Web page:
Since the election, commentators have repeatedly voiced concern over the uncertainty of a Donald J. Trump administration’s foreign policy direction. This is true despite the fact that Trump focused on foreign policy issues during the campaign more than most presidential candidates. Even his proposed solutions to domestic problems—such as spurring economic growth by opposing foreign trade treaties and limiting immigration—have strong foreign policy implications.
Why, then, is there so much confusion about his intentions? I can suggest a couple of reasons.
The first problem is that Trump’s statements are not reliable. It is important to note that most politicians running for office try to be consistent in their statements and, once elected, try to fulfill their promises (although they may not always succeed in doing so or may be forced to make compromises). I know that is not the common wisdom, but it is generally true.
Also, most presidential candidates are closely tied to their party, share their party’s basic outlook and policy agendas, and will be encouraged and supported by their staffers and their party colleagues in Congress. This tends to bolster consistency.
Trump, however—as he and his supporters regularly boast—is not a politician, and he does not think like a politician. Part of not being a politician is that, instead of fretting about what the voters will say next election if he doesn’t pursue his stated agenda, he may very well believe the common wisdom that campaign promises are meaningless.
Indeed, in the days following the election he appeared to change his position suddenly on a number of seemingly essential campaign promises (although, to be sure, the new statements have often been vague and conditioned and may be just as easily dropped the next time he addresses a different audience).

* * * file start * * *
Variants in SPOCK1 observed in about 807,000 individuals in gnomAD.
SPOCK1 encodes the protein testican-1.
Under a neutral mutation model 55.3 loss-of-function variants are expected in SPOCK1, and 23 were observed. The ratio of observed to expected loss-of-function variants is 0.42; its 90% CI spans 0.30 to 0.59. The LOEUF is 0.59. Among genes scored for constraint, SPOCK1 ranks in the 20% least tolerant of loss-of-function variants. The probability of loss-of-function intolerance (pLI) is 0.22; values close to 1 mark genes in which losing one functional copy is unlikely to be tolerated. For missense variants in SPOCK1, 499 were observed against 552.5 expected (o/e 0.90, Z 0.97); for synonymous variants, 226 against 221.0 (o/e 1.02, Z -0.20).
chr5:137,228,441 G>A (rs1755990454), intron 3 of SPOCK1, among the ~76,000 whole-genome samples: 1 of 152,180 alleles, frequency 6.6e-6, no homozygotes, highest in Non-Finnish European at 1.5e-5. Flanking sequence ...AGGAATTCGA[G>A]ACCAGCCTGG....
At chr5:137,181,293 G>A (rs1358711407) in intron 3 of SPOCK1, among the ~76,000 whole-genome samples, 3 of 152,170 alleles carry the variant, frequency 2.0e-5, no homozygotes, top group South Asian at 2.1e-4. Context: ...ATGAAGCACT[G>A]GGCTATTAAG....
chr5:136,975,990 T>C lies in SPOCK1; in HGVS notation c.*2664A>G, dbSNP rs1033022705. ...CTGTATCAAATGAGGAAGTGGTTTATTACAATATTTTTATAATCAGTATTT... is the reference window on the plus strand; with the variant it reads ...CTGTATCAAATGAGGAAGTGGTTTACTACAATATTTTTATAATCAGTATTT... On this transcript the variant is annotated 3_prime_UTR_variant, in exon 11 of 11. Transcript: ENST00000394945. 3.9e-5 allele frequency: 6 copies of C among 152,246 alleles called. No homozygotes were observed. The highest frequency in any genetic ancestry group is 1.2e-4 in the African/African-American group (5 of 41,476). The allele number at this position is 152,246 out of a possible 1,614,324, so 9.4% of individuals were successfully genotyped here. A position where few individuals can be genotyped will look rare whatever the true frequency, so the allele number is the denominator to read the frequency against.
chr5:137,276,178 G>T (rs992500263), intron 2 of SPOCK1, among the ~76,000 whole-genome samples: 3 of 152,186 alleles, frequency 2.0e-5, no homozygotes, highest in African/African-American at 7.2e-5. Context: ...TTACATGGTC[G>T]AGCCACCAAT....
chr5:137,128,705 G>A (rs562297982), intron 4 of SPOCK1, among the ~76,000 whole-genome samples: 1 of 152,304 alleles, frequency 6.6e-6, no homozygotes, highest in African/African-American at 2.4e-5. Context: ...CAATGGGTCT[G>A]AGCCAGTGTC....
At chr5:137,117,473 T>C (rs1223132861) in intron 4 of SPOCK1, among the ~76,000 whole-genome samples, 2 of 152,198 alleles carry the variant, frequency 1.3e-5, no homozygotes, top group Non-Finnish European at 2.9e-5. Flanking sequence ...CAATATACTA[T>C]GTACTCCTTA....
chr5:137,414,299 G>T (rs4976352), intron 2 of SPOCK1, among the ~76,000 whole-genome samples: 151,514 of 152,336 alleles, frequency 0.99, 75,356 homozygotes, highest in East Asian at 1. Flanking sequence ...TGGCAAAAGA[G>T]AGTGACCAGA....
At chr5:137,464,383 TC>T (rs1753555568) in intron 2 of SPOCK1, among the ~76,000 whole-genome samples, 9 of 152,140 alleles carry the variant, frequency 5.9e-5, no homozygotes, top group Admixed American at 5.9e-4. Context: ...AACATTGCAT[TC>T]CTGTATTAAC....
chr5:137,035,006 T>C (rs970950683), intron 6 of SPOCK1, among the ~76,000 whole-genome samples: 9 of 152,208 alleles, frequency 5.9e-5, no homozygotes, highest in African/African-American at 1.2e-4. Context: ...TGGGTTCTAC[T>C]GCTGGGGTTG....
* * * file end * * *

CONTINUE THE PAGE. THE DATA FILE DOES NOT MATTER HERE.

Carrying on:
He has little concern for consistency. NBC News has listed 141 positions that Trump took on 23 issues in the course of the campaign. His statements do not conform to any conventional ideological schema. As one political analyst put it:
“We probably know less about what the Trump administration will be like than any incoming administration in modern American history. Trump could end up being one of the most moderate presidents in a generation, or he could be one of the most extreme. He might be both.”
Moreover, members of his campaign staff have advised foreign dignitaries not to take everything he says about their countries, or about his intended policies toward their countries, literally. Overall, one cannot assume that he is strongly committed to anything he has said.
His supporters may not care—as The Atlantic’s Salena Zito quipped, “. . . the press takes him literally, but not seriously; his supporters take him seriously, but not literally.”
The people in Trump’s entourage have taken that perspective and run with it. Corey Lewandowski, Trump’s former campaign manager (who, somehow, continued to receive $20,000 a month from the campaign after allegedly being fired and becoming a paid commentator on CNN) castigated the press for believing what Trump had said during the campaign.
“You guys took everything Donald Trump said so literally. The American people didn’t. They understood it. They understood that sometimes—when you have a conversation with people, whether it’s around the dinner table or at a bar—you’re going to say things, and sometimes you don’t have all the facts to back it up.”
Leaving aside the question of whether comments made around the dinner table or at a bar constitute an accetable standard of truth for a presidential campaign, this leaves it up to all commentators, all citizens, all foreign observers to decide for themselves what Trump really meant. To suggest that they will all come to the same conclusion because that conclusion is so obvious is ridiculous.
Regarding his ties to his party, Trump regularly took stances opposed to standard Republican positions and occasionally denounced the party as dishonest and corrupt. Speaker Paul Ryan, R-Wisc., drew up his own legislative agenda as an alternative to Trump’s proposals, and despite his denunciations of the party, Trump has suggested that he may defer to Ryan on legislative matters. So, at least with regard to legislation, there may be a basis for predictability—based on Ryan’s positions rather than Trump’s.
Nevertheless, Trump, as president, will have the power to intervene on issues as the mood strikes him, and Ryan will have to deal with the relatively small but intimidating Freedom Caucus within his own party conference, which introduces whole new vectors of unpredictability. Beyond that, foreign policy is not like legislation; the president often has a freer hand to act without regard for the wishes of Congress.